FEPA mandates that every federal agency create an “evidence building” (data-mining) plan that must include “a list of . . . questions for which the agency intends to develop evidence to support policymaking” and “a list of data the agency intends to collect, use, or acquire to facilitate the use of evidence in policymaking.” This would allow any bureaucrats to propose to collect any data on any citizen on any topic they want, to answer their desired policy questions. 

Each agency is also directed to create “…a list of any challenges” to this goal, including “any statutory or other restrictions to accessing relevant data.” This responds to CEP’s recommendation that “Congress and the President should consider repealing current bans and limiting future bans on the collection and use of data for evidence building.”  This recommendation presumably covers the student unit-record prohibition[4] and the prohibition[5] on creating a national K-12 student database.[6]

The Director of the Office of Management and Budget must then use all these evidence-building (data-mining) plans to develop “a unified evidence-building plan” for the entire federal government. Although the public must be “consulted,” and lip service is paid to issues of privacy and confidentiality of data, these are only items to be considered. There are no actual prohibitions or even limitations on proceeding with data collection, regardless of the sensitivity of the data.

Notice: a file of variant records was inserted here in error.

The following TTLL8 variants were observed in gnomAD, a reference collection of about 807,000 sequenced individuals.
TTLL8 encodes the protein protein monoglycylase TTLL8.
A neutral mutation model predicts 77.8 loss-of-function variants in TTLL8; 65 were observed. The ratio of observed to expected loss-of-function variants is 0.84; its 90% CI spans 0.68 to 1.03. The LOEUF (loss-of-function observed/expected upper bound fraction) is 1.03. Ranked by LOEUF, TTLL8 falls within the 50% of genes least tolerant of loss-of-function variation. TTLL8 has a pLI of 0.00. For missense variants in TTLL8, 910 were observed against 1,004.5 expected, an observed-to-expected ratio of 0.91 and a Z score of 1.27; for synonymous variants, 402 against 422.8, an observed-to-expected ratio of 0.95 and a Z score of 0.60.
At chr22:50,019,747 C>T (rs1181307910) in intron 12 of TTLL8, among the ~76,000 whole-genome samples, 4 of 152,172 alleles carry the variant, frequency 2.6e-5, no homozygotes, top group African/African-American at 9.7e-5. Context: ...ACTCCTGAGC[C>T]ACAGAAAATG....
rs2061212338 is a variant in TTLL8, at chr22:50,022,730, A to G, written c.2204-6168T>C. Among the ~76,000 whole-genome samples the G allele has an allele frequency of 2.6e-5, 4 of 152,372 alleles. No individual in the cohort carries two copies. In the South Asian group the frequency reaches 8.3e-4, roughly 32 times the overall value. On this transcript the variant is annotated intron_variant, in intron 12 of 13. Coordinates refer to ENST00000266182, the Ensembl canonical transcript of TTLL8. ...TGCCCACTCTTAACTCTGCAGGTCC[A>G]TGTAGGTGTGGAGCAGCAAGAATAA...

The federal government is demonstrably incompetent at data security; moreover, the government routinely ignores the overwhelming data it already has that shows the ineffectiveness of many (most) federal programs.[7] There is no reason to believe an even more enormous trove of data can be secured, or that it will actually change government behavior in any meaningful way.

Most importantly, collecting and holding massive amounts of data about an individual has an intimidating effect on the individual—even if the data is never used. This fundamentally changes the relationship between the individual and government. Citizen direction of government cannot happen when government sits in a position of intimidation of the individual.[8]

A bill like FEPA would be expected from a totalitarian government.[9] Congress should solve the “program effectiveness” problem by returning to the Founders’ vision and drastically reducing government’s bloated size and scope. This solution would obviate the need for the Orwellian surveillance scheme initiated by FEPA.